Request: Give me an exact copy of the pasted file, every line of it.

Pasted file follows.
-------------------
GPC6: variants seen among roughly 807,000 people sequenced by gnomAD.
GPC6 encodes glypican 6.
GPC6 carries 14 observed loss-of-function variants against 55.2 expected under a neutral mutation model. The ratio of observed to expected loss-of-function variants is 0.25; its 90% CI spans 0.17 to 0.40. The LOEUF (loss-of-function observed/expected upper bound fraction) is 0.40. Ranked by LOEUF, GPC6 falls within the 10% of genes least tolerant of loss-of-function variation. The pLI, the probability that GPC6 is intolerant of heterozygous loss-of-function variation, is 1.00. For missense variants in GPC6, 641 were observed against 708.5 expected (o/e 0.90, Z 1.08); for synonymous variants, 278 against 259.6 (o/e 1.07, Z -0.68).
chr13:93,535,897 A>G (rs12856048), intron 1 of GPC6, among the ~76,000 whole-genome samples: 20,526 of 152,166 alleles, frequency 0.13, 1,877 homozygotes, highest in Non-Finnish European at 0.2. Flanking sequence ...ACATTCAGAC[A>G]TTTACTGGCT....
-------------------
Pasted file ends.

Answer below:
GPC6: variants seen among roughly 807,000 people sequenced by gnomAD.
GPC6 encodes glypican 6.
GPC6 carries 14 observed loss-of-function variants against 55.2 expected under a neutral mutation model. The ratio of observed to expected loss-of-function variants is 0.25; its 90% CI spans 0.17 to 0.40. The LOEUF (loss-of-function observed/expected upper bound fraction) is 0.40. Ranked by LOEUF, GPC6 falls within the 10% of genes least tolerant of loss-of-function variation. The pLI, the probability that GPC6 is intolerant of heterozygous loss-of-function variation, is 1.00. For missense variants in GPC6, 641 were observed against 708.5 expected (o/e 0.90, Z 1.08); for synonymous variants, 278 against 259.6 (o/e 1.07, Z -0.68).
chr13:93,535,897 A>G (rs12856048), intron 1 of GPC6, among the ~76,000 whole-genome samples: 20,526 of 152,166 alleles, frequency 0.13, 1,877 homozygotes, highest in Non-Finnish European at 0.2. Flanking sequence ...ACATTCAGAC[A>G]TTTACTGGCT....